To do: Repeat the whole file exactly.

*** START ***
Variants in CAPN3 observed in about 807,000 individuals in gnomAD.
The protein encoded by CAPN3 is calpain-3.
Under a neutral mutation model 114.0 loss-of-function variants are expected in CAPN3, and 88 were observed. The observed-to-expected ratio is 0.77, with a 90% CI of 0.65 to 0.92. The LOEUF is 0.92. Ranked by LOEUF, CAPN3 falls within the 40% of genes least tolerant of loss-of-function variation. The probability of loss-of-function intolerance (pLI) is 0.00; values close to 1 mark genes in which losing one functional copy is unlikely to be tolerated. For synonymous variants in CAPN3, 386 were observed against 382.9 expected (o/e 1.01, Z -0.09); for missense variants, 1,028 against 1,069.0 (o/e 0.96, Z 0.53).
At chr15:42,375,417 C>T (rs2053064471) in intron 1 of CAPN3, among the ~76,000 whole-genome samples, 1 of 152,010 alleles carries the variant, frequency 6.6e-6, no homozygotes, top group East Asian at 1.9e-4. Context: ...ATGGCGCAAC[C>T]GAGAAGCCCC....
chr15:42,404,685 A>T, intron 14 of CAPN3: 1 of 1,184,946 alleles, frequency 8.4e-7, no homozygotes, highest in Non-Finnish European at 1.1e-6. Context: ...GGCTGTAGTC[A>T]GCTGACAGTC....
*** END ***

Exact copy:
Variants in CAPN3 observed in about 807,000 individuals in gnomAD.
The protein encoded by CAPN3 is calpain-3.
Under a neutral mutation model 114.0 loss-of-function variants are expected in CAPN3, and 88 were observed. The observed-to-expected ratio is 0.77, with a 90% CI of 0.65 to 0.92. The LOEUF is 0.92. Ranked by LOEUF, CAPN3 falls within the 40% of genes least tolerant of loss-of-function variation. The probability of loss-of-function intolerance (pLI) is 0.00; values close to 1 mark genes in which losing one functional copy is unlikely to be tolerated. For synonymous variants in CAPN3, 386 were observed against 382.9 expected (o/e 1.01, Z -0.09); for missense variants, 1,028 against 1,069.0 (o/e 0.96, Z 0.53).
At chr15:42,375,417 C>T (rs2053064471) in intron 1 of CAPN3, among the ~76,000 whole-genome samples, 1 of 152,010 alleles carries the variant, frequency 6.6e-6, no homozygotes, top group East Asian at 1.9e-4. Context: ...ATGGCGCAAC[C>T]GAGAAGCCCC....
chr15:42,404,685 A>T, intron 14 of CAPN3: 1 of 1,184,946 alleles, frequency 8.4e-7, no homozygotes, highest in Non-Finnish European at 1.1e-6. Context: ...GGCTGTAGTC[A>T]GCTGACAGTC....